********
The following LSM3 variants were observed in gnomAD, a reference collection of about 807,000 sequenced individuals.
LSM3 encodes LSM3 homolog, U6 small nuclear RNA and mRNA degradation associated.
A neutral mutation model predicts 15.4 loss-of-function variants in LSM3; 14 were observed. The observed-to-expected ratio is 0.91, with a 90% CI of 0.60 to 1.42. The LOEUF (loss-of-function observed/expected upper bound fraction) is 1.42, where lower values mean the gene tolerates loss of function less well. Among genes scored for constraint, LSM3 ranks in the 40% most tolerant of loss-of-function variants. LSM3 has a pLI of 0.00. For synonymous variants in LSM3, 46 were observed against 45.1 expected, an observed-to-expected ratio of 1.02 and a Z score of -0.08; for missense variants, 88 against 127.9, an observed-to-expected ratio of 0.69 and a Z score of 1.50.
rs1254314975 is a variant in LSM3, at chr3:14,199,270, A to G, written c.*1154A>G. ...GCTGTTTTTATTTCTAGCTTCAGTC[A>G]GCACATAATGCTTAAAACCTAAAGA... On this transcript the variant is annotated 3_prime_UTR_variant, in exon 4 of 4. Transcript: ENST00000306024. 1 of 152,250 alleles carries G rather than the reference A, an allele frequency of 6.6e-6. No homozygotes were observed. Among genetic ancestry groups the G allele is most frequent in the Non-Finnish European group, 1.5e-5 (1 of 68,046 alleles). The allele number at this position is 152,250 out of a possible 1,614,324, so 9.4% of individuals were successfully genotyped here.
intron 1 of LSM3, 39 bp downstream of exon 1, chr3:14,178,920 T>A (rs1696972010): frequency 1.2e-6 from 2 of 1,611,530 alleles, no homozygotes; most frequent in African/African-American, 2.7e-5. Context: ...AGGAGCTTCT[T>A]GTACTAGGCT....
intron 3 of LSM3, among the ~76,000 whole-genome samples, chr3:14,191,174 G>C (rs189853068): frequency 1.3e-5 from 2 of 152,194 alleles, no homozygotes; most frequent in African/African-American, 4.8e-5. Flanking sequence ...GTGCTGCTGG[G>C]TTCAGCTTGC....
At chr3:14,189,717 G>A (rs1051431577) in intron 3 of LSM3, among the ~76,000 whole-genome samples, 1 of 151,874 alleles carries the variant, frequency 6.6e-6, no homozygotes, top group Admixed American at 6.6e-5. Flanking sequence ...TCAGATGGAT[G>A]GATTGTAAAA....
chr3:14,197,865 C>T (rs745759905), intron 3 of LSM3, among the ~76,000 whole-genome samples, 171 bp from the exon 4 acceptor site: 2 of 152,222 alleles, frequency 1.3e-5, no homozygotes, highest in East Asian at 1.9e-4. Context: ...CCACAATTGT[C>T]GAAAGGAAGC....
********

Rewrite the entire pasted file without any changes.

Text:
The following LSM3 variants were observed in gnomAD, a reference collection of about 807,000 sequenced individuals.
LSM3 encodes LSM3 homolog, U6 small nuclear RNA and mRNA degradation associated.
A neutral mutation model predicts 15.4 loss-of-function variants in LSM3; 14 were observed. The observed-to-expected ratio is 0.91, with a 90% CI of 0.60 to 1.42. The LOEUF (loss-of-function observed/expected upper bound fraction) is 1.42, where lower values mean the gene tolerates loss of function less well. Among genes scored for constraint, LSM3 ranks in the 40% most tolerant of loss-of-function variants. LSM3 has a pLI of 0.00. For synonymous variants in LSM3, 46 were observed against 45.1 expected, an observed-to-expected ratio of 1.02 and a Z score of -0.08; for missense variants, 88 against 127.9, an observed-to-expected ratio of 0.69 and a Z score of 1.50.
rs1254314975 is a variant in LSM3, at chr3:14,199,270, A to G, written c.*1154A>G. ...GCTGTTTTTATTTCTAGCTTCAGTC[A>G]GCACATAATGCTTAAAACCTAAAGA... On this transcript the variant is annotated 3_prime_UTR_variant, in exon 4 of 4. Transcript: ENST00000306024. 1 of 152,250 alleles carries G rather than the reference A, an allele frequency of 6.6e-6. No homozygotes were observed. Among genetic ancestry groups the G allele is most frequent in the Non-Finnish European group, 1.5e-5 (1 of 68,046 alleles). The allele number at this position is 152,250 out of a possible 1,614,324, so 9.4% of individuals were successfully genotyped here.
intron 1 of LSM3, 39 bp downstream of exon 1, chr3:14,178,920 T>A (rs1696972010): frequency 1.2e-6 from 2 of 1,611,530 alleles, no homozygotes; most frequent in African/African-American, 2.7e-5. Context: ...AGGAGCTTCT[T>A]GTACTAGGCT....
intron 3 of LSM3, among the ~76,000 whole-genome samples, chr3:14,191,174 G>C (rs189853068): frequency 1.3e-5 from 2 of 152,194 alleles, no homozygotes; most frequent in African/African-American, 4.8e-5. Flanking sequence ...GTGCTGCTGG[G>C]TTCAGCTTGC....
At chr3:14,189,717 G>A (rs1051431577) in intron 3 of LSM3, among the ~76,000 whole-genome samples, 1 of 151,874 alleles carries the variant, frequency 6.6e-6, no homozygotes, top group Admixed American at 6.6e-5. Flanking sequence ...TCAGATGGAT[G>A]GATTGTAAAA....
chr3:14,197,865 C>T (rs745759905), intron 3 of LSM3, among the ~76,000 whole-genome samples, 171 bp from the exon 4 acceptor site: 2 of 152,222 alleles, frequency 1.3e-5, no homozygotes, highest in East Asian at 1.9e-4. Context: ...CCACAATTGT[C>T]GAAAGGAAGC....